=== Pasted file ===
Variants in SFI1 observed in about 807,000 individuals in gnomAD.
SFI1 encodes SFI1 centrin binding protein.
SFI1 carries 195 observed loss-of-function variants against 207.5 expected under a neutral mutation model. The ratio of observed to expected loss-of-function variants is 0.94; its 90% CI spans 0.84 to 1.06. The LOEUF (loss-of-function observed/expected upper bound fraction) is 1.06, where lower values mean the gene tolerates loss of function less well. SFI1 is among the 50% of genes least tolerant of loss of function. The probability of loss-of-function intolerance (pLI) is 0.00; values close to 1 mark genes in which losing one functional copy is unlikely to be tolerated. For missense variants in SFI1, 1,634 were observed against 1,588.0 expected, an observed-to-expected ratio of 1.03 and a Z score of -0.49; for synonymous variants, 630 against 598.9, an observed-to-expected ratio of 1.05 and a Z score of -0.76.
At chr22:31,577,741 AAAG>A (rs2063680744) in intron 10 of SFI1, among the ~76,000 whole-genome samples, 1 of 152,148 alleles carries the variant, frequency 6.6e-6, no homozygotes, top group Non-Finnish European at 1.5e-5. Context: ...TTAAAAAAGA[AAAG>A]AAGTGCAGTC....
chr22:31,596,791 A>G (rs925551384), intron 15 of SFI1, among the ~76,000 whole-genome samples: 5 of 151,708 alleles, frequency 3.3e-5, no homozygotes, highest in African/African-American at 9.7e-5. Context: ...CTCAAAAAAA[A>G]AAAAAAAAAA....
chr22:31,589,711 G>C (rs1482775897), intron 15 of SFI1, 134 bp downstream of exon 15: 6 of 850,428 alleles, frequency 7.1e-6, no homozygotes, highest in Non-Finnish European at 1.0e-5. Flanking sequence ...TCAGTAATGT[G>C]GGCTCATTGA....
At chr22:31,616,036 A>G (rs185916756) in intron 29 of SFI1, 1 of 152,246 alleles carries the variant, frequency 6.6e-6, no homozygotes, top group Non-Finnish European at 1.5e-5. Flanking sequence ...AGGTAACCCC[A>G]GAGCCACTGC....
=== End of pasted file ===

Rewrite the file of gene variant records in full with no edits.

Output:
Variants in SFI1 observed in about 807,000 individuals in gnomAD.
SFI1 encodes SFI1 centrin binding protein.
SFI1 carries 195 observed loss-of-function variants against 207.5 expected under a neutral mutation model. The ratio of observed to expected loss-of-function variants is 0.94; its 90% CI spans 0.84 to 1.06. The LOEUF (loss-of-function observed/expected upper bound fraction) is 1.06, where lower values mean the gene tolerates loss of function less well. SFI1 is among the 50% of genes least tolerant of loss of function. The probability of loss-of-function intolerance (pLI) is 0.00; values close to 1 mark genes in which losing one functional copy is unlikely to be tolerated. For missense variants in SFI1, 1,634 were observed against 1,588.0 expected, an observed-to-expected ratio of 1.03 and a Z score of -0.49; for synonymous variants, 630 against 598.9, an observed-to-expected ratio of 1.05 and a Z score of -0.76.
At chr22:31,577,741 AAAG>A (rs2063680744) in intron 10 of SFI1, among the ~76,000 whole-genome samples, 1 of 152,148 alleles carries the variant, frequency 6.6e-6, no homozygotes, top group Non-Finnish European at 1.5e-5. Context: ...TTAAAAAAGA[AAAG>A]AAGTGCAGTC....
chr22:31,596,791 A>G (rs925551384), intron 15 of SFI1, among the ~76,000 whole-genome samples: 5 of 151,708 alleles, frequency 3.3e-5, no homozygotes, highest in African/African-American at 9.7e-5. Context: ...CTCAAAAAAA[A>G]AAAAAAAAAA....
chr22:31,589,711 G>C (rs1482775897), intron 15 of SFI1, 134 bp downstream of exon 15: 6 of 850,428 alleles, frequency 7.1e-6, no homozygotes, highest in Non-Finnish European at 1.0e-5. Flanking sequence ...TCAGTAATGT[G>C]GGCTCATTGA....
At chr22:31,616,036 A>G (rs185916756) in intron 29 of SFI1, 1 of 152,246 alleles carries the variant, frequency 6.6e-6, no homozygotes, top group Non-Finnish European at 1.5e-5. Flanking sequence ...AGGTAACCCC[A>G]GAGCCACTGC....